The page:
This session will focus on the role of science ministries and research and funding agencies: What enabling actions are being taken to promote data access in response to COVID-19, e.g. strategies, specific policies, infrastructure investment, funding? How can the synergies between national and international efforts by maximised?

8 short oral interventions: 1) Camilla Stoltenberg, Director General, Institute of Public Health, Norway. 2) Kazuhiro Hayashi, Research Unit for Data Appication, NISTEP. Japan 3) Yazdan Yazdanpanah, Director of ANRS Maladies Infectieuses Emergentes, France. 4) Claudia Bauzer Medeiros , Institute of Computing, Univerity of Campinas and FAPESP, Brazil. 5) Michal Kahn, Centre for Research on Evaluation, Science and Technology, Stellenbosch University, South Africa. 6) Dr. Kiwon Jang, Korea Bioinformation Center / Korea Research Institute of Bioscience and Biotechnology. 7) Steven Kern, Gates Foundation. 8) Konstantinos Repanas, Open Science Unit, European Commission.

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Background information

  • Data access and re-use is critical for ensuring the efficiency and effectiveness of the global scientific research effort to address the COVID-19 pandemic. Access to trusted, well described data, together with the software, models and workflows that are necessary for the production and analysis of this data, is necessary across the many different domains of science that are being mobilised to understand and combat COVID-19. Open and timely access to research data and models underpins the science advice that is informing public health strategies. Such data and analytical tools have been critical to the rapid development and testing of vaccines and therapeutics. They are also essential for designing, monitoring and assessing the impact of the socio-economic policies that are being implemented in response to the pandemic.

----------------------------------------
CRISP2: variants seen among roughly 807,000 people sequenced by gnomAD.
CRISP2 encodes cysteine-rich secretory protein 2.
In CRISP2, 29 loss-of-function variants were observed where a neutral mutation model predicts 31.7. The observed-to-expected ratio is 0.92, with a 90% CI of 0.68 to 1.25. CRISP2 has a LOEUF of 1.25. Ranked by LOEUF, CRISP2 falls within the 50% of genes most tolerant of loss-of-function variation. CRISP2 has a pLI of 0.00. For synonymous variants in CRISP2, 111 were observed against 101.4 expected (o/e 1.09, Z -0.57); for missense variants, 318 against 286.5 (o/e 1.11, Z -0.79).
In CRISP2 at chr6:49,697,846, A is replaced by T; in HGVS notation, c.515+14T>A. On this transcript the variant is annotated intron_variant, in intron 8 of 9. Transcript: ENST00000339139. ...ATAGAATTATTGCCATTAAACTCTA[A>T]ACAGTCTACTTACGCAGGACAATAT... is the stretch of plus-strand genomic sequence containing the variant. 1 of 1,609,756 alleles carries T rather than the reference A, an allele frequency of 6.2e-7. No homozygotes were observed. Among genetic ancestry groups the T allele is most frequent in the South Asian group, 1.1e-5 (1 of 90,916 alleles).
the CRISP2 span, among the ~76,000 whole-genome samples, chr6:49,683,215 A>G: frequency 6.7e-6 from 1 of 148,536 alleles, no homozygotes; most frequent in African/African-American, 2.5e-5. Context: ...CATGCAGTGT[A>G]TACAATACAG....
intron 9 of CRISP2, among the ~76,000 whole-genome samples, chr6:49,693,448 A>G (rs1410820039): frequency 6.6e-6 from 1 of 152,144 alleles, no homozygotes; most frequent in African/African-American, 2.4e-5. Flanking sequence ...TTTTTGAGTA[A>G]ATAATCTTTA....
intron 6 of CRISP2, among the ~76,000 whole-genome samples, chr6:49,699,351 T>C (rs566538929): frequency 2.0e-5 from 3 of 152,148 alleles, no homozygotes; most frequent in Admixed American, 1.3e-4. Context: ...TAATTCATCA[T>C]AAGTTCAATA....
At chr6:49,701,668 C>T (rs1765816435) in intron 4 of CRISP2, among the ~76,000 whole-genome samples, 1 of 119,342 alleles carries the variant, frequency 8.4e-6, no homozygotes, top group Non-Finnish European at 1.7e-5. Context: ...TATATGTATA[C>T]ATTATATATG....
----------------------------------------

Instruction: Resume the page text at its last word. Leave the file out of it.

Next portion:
• The availability of information and communication technology has improved the global capacity to implement systems to share data during a pandemic. However, the lack of harmonisation across diverse systems is currently a major obstacle to timely and effective access. Inititives already underway in Europe and other regions to develop Open Science Clouds are not yet well enough developed to overcome this obstacle. In short, a lot of data that are extemely valuable for COVID-19 research and responding to the pandemic are not sufficiently, findable, accessible, interoperable and reusable (FAIR).

  • The unprecedented spread of the virus has prompted a rapid and massive research response. However, there are no universally adopted systems or standards, for collecting, documenting and disseminating COVID-19 research data and associated code and software. Many data are not reusable by, or useful to, different communities if they have not been sufficiently documented and contextualised, or appropriately licensed. This is not a new challenge for many areas of science but, in the context of COVID-19, it is a challenge that needs to be urgently addressed and for which, in many cases, solutions exist but have not been fully adopted.

  • The responsible, FAIR and timely sharing of data is an essential element of the Open Science approach that the world needs to effectively combat pandemics like COVID-19 and other complex crises. Limiting or delaying access not only slows up scientific progress but, as we are seeing in several countries, it can also undermine public trust in science and science-based decision-making. At the same time, much of the data related to the pandemic is personal or sensitive, and it is critically important to protect privacy and ensure the ethical management and use of this resource. Policymakers, research funders, and research institutions around the world must work together, to mandate, incentivise and support actions to harmonise and streamline the responsible and timely provision and exchange of data locally, nationally and internationally.